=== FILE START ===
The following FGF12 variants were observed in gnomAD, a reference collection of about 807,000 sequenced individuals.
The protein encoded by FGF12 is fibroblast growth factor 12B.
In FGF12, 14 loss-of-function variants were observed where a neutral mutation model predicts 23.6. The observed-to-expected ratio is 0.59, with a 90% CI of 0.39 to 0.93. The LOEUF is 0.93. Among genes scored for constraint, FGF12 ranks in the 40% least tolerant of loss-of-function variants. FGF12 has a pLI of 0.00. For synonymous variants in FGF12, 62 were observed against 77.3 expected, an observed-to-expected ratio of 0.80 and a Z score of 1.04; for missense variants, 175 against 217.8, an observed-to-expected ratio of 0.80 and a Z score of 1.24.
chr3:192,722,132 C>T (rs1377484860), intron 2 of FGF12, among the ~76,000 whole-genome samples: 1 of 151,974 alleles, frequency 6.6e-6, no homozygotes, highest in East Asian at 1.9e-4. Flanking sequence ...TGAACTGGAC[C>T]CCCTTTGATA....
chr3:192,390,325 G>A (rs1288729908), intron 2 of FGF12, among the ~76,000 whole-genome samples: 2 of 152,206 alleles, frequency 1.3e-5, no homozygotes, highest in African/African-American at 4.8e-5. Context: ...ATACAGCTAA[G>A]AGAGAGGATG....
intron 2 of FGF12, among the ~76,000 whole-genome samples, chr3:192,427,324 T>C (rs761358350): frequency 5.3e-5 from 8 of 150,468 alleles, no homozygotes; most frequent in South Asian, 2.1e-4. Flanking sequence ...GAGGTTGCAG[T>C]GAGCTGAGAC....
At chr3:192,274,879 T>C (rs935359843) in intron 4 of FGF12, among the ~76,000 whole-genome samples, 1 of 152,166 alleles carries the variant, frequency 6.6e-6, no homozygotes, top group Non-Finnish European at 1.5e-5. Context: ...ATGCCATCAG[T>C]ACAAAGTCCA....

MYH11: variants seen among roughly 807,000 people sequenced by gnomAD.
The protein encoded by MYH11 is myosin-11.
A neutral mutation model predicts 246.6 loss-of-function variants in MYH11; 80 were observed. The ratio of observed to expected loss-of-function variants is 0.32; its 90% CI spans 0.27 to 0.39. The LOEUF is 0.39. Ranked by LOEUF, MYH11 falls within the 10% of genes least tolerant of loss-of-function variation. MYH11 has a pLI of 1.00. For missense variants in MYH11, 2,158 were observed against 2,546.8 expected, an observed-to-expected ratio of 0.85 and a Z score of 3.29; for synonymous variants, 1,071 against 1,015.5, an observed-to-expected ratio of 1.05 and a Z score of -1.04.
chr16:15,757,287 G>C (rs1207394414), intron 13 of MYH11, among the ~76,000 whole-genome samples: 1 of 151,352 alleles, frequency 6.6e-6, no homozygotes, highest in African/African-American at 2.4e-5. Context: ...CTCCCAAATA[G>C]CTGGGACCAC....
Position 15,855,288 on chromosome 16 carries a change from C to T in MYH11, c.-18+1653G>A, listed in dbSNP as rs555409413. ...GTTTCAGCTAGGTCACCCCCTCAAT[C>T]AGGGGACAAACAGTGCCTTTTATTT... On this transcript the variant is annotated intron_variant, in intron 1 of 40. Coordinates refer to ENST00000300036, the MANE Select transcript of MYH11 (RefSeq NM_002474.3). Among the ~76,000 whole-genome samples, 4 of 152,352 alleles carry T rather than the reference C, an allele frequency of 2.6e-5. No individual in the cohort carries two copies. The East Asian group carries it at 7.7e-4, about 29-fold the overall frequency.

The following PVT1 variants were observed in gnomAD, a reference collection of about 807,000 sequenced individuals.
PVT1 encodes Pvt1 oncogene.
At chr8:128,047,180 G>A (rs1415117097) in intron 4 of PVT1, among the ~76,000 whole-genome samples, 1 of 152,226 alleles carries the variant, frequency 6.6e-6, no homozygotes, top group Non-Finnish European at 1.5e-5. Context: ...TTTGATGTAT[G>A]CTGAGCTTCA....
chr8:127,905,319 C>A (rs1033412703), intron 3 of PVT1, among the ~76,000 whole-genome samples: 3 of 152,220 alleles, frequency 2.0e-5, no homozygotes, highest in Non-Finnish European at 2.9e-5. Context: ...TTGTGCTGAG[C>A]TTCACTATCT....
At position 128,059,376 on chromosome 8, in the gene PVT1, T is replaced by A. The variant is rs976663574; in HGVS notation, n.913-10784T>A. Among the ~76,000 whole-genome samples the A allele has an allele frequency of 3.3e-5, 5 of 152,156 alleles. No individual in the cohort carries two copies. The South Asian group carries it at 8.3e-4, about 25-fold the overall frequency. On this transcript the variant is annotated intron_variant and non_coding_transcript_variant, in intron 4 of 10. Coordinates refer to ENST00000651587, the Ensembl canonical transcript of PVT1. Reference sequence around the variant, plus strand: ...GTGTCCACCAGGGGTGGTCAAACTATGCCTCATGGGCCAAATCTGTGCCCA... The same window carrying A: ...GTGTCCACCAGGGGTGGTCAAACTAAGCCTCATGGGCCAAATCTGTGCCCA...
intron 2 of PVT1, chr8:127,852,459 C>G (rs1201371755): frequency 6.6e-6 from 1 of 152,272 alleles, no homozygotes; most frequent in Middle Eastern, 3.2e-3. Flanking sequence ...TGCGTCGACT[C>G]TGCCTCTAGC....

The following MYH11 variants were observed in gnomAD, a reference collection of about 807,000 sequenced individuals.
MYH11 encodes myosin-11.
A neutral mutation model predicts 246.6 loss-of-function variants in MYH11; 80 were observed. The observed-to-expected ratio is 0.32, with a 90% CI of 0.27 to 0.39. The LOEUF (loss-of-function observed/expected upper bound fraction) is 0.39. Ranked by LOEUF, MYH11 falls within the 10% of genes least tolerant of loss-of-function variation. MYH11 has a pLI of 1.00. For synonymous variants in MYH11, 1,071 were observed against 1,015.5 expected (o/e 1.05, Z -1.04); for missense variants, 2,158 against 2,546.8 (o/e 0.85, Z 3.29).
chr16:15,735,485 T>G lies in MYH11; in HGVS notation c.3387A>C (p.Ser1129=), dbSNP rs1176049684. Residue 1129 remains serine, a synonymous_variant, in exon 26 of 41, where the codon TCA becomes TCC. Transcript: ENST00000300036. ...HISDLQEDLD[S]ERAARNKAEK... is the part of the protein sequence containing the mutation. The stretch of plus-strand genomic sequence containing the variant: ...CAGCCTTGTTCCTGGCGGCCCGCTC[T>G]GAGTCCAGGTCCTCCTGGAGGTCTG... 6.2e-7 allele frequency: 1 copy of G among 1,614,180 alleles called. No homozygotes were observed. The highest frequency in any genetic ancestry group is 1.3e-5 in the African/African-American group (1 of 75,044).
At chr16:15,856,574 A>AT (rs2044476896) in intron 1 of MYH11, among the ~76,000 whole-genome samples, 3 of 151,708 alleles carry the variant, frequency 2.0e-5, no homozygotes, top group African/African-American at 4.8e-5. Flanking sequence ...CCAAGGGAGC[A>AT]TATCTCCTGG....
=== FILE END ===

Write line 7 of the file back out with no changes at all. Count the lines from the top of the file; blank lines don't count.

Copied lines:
At chr3:192,274,879 T>C (rs935359843) in intron 4 of FGF12, among the ~76,000 whole-genome samples, 1 of 152,166 alleles carries the variant, frequency 6.6e-6, no homozygotes, top group Non-Finnish European at 1.5e-5. Context: ...ATGCCATCAG[T>C]ACAAAGTCCA....